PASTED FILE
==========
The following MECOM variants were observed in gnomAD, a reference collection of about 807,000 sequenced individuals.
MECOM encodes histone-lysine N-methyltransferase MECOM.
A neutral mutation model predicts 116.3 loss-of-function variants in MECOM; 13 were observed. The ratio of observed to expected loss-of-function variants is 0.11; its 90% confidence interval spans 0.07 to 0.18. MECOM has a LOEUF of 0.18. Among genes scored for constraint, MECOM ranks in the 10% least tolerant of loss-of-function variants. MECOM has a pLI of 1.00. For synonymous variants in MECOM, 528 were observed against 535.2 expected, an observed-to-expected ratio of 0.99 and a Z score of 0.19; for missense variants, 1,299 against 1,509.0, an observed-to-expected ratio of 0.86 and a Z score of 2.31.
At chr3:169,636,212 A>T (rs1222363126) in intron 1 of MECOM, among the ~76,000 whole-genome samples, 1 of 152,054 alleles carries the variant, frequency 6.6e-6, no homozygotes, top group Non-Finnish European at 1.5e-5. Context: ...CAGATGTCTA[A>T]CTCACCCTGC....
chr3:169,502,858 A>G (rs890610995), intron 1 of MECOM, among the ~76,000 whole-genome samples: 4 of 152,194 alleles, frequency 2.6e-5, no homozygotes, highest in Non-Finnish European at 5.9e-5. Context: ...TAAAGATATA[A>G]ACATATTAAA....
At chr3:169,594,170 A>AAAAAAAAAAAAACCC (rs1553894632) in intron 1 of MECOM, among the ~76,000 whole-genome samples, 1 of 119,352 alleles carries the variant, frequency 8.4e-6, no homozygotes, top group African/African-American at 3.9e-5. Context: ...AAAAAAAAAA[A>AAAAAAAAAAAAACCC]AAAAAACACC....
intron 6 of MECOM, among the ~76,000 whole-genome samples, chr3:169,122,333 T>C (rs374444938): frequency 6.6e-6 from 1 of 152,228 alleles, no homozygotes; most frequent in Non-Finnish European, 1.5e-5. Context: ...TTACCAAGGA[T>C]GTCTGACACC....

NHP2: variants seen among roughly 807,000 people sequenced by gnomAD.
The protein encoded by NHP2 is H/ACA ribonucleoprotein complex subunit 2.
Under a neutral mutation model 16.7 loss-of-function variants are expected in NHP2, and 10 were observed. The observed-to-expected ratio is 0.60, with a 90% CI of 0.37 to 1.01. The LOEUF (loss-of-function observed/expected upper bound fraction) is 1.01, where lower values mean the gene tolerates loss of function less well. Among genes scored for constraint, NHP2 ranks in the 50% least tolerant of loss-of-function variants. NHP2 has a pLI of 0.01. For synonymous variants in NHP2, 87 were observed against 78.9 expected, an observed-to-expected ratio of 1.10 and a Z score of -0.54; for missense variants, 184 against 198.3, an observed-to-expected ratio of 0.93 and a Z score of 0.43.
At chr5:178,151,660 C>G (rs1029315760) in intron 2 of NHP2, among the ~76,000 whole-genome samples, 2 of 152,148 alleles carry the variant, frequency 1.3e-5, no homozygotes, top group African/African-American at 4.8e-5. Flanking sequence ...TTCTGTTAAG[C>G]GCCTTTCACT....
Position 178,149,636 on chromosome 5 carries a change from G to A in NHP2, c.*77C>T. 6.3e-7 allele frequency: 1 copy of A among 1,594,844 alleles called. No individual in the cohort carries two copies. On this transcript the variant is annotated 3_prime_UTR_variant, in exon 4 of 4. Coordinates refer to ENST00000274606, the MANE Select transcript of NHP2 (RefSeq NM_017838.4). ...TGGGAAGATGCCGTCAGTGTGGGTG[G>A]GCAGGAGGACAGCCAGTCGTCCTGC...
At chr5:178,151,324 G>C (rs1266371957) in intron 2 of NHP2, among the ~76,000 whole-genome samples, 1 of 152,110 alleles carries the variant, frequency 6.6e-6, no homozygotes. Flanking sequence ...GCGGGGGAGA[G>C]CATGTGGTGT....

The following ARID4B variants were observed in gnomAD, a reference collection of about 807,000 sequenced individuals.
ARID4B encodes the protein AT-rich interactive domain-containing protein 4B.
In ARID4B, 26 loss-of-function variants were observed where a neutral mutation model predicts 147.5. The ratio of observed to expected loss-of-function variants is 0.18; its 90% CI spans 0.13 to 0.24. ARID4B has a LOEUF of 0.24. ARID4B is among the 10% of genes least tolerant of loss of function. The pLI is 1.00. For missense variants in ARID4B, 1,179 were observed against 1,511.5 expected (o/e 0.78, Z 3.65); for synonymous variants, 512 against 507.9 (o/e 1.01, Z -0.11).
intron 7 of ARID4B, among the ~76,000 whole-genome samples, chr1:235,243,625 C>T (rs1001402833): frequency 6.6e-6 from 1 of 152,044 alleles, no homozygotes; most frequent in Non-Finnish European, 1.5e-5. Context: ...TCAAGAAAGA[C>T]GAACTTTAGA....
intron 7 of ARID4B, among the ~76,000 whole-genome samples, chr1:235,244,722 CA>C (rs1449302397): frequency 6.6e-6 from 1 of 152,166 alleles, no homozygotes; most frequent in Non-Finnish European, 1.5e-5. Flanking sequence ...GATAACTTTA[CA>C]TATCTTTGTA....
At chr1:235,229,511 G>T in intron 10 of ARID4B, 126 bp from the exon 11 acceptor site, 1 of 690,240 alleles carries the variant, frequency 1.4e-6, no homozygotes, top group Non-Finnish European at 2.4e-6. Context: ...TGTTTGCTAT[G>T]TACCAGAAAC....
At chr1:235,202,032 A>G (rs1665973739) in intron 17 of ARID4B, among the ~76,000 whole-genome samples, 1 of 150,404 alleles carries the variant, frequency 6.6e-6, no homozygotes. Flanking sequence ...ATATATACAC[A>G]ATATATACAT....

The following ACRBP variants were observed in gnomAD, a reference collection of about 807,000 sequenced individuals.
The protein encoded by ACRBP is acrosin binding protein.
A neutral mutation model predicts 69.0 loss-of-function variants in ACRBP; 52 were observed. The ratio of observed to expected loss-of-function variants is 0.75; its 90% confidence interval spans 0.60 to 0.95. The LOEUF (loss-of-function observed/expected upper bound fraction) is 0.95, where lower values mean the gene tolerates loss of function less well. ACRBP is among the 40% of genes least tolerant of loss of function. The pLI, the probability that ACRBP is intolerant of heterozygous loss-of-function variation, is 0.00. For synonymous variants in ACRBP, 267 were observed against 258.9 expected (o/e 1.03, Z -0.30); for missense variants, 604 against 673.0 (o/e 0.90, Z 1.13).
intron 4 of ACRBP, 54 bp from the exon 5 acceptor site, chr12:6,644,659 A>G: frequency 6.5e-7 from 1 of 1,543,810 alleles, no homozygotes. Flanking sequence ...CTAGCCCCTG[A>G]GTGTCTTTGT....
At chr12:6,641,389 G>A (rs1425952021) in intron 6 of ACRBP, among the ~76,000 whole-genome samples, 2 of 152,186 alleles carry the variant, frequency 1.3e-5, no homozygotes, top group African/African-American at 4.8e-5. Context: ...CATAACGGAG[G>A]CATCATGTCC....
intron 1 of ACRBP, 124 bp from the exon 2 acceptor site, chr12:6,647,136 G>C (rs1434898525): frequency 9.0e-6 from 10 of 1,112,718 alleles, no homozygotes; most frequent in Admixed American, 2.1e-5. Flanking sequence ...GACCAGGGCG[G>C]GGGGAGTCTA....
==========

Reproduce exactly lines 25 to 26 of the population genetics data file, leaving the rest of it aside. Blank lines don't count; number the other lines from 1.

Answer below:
At chr12:6,641,389 G>A (rs1425952021) in intron 6 of ACRBP, among the ~76,000 whole-genome samples, 2 of 152,186 alleles carry the variant, frequency 1.3e-5, no homozygotes, top group African/African-American at 4.8e-5. Context: ...CATAACGGAG[G>A]CATCATGTCC....
intron 1 of ACRBP, 124 bp from the exon 2 acceptor site, chr12:6,647,136 G>C (rs1434898525): frequency 9.0e-6 from 10 of 1,112,718 alleles, no homozygotes; most frequent in Admixed American, 2.1e-5. Flanking sequence ...GACCAGGGCG[G>C]GGGGAGTCTA....